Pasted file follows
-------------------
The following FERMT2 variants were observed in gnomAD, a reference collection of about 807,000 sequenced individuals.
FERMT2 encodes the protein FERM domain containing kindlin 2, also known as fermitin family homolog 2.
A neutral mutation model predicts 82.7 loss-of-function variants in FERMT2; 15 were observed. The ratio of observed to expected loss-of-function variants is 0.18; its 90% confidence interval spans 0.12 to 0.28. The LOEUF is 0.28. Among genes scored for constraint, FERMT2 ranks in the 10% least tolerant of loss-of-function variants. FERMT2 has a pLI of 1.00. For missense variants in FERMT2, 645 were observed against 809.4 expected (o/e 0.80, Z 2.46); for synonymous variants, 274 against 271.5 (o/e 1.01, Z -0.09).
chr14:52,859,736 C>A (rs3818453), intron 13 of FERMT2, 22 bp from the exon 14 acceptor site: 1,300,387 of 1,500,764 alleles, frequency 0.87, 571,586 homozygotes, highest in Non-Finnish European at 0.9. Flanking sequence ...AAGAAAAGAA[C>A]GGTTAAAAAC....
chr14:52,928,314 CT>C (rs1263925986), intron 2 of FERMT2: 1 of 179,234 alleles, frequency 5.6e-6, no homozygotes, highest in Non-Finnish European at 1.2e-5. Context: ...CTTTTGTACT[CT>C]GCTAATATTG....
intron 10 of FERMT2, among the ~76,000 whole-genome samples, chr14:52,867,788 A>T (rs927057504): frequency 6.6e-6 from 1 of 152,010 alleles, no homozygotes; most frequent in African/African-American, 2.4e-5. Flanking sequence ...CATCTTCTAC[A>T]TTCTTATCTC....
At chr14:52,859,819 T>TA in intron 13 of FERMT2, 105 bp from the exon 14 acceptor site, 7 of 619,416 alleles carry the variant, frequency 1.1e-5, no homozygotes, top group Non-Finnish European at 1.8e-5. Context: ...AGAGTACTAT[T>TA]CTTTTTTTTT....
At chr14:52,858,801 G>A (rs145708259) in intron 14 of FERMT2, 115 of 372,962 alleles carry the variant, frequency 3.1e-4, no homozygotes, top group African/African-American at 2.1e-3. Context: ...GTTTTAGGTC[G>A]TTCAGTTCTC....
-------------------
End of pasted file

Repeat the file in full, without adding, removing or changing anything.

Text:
The following FERMT2 variants were observed in gnomAD, a reference collection of about 807,000 sequenced individuals.
FERMT2 encodes the protein FERM domain containing kindlin 2, also known as fermitin family homolog 2.
A neutral mutation model predicts 82.7 loss-of-function variants in FERMT2; 15 were observed. The ratio of observed to expected loss-of-function variants is 0.18; its 90% confidence interval spans 0.12 to 0.28. The LOEUF is 0.28. Among genes scored for constraint, FERMT2 ranks in the 10% least tolerant of loss-of-function variants. FERMT2 has a pLI of 1.00. For missense variants in FERMT2, 645 were observed against 809.4 expected (o/e 0.80, Z 2.46); for synonymous variants, 274 against 271.5 (o/e 1.01, Z -0.09).
chr14:52,859,736 C>A (rs3818453), intron 13 of FERMT2, 22 bp from the exon 14 acceptor site: 1,300,387 of 1,500,764 alleles, frequency 0.87, 571,586 homozygotes, highest in Non-Finnish European at 0.9. Flanking sequence ...AAGAAAAGAA[C>A]GGTTAAAAAC....
chr14:52,928,314 CT>C (rs1263925986), intron 2 of FERMT2: 1 of 179,234 alleles, frequency 5.6e-6, no homozygotes, highest in Non-Finnish European at 1.2e-5. Context: ...CTTTTGTACT[CT>C]GCTAATATTG....
intron 10 of FERMT2, among the ~76,000 whole-genome samples, chr14:52,867,788 A>T (rs927057504): frequency 6.6e-6 from 1 of 152,010 alleles, no homozygotes; most frequent in African/African-American, 2.4e-5. Flanking sequence ...CATCTTCTAC[A>T]TTCTTATCTC....
At chr14:52,859,819 T>TA in intron 13 of FERMT2, 105 bp from the exon 14 acceptor site, 7 of 619,416 alleles carry the variant, frequency 1.1e-5, no homozygotes, top group Non-Finnish European at 1.8e-5. Context: ...AGAGTACTAT[T>TA]CTTTTTTTTT....
At chr14:52,858,801 G>A (rs145708259) in intron 14 of FERMT2, 115 of 372,962 alleles carry the variant, frequency 3.1e-4, no homozygotes, top group African/African-American at 2.1e-3. Context: ...GTTTTAGGTC[G>A]TTCAGTTCTC....